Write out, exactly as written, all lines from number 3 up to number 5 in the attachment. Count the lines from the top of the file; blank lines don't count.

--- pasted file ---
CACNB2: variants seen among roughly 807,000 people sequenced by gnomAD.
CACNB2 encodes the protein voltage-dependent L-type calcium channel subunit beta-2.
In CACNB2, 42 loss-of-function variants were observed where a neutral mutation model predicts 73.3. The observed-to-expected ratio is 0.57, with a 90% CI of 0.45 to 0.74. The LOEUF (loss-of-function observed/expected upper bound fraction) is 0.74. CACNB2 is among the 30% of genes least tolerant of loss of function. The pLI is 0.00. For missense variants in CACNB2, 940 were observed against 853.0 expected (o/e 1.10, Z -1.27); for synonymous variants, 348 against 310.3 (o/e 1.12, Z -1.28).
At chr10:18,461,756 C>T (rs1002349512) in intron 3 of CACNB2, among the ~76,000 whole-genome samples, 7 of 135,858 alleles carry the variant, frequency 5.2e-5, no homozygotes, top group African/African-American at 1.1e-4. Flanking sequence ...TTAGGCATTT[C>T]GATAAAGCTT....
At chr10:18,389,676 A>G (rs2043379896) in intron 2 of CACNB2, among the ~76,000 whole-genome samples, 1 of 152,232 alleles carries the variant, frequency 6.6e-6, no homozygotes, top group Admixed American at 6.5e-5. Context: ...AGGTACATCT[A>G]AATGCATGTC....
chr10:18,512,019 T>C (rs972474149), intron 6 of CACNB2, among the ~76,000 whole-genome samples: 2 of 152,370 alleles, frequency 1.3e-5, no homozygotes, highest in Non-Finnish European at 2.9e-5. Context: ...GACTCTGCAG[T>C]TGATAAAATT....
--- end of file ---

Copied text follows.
In CACNB2, 42 loss-of-function variants were observed where a neutral mutation model predicts 73.3. The observed-to-expected ratio is 0.57, with a 90% CI of 0.45 to 0.74. The LOEUF (loss-of-function observed/expected upper bound fraction) is 0.74. CACNB2 is among the 30% of genes least tolerant of loss of function. The pLI is 0.00. For missense variants in CACNB2, 940 were observed against 853.0 expected (o/e 1.10, Z -1.27); for synonymous variants, 348 against 310.3 (o/e 1.12, Z -1.28).
At chr10:18,461,756 C>T (rs1002349512) in intron 3 of CACNB2, among the ~76,000 whole-genome samples, 7 of 135,858 alleles carry the variant, frequency 5.2e-5, no homozygotes, top group African/African-American at 1.1e-4. Flanking sequence ...TTAGGCATTT[C>T]GATAAAGCTT....
At chr10:18,389,676 A>G (rs2043379896) in intron 2 of CACNB2, among the ~76,000 whole-genome samples, 1 of 152,232 alleles carries the variant, frequency 6.6e-6, no homozygotes, top group Admixed American at 6.5e-5. Context: ...AGGTACATCT[A>G]AATGCATGTC....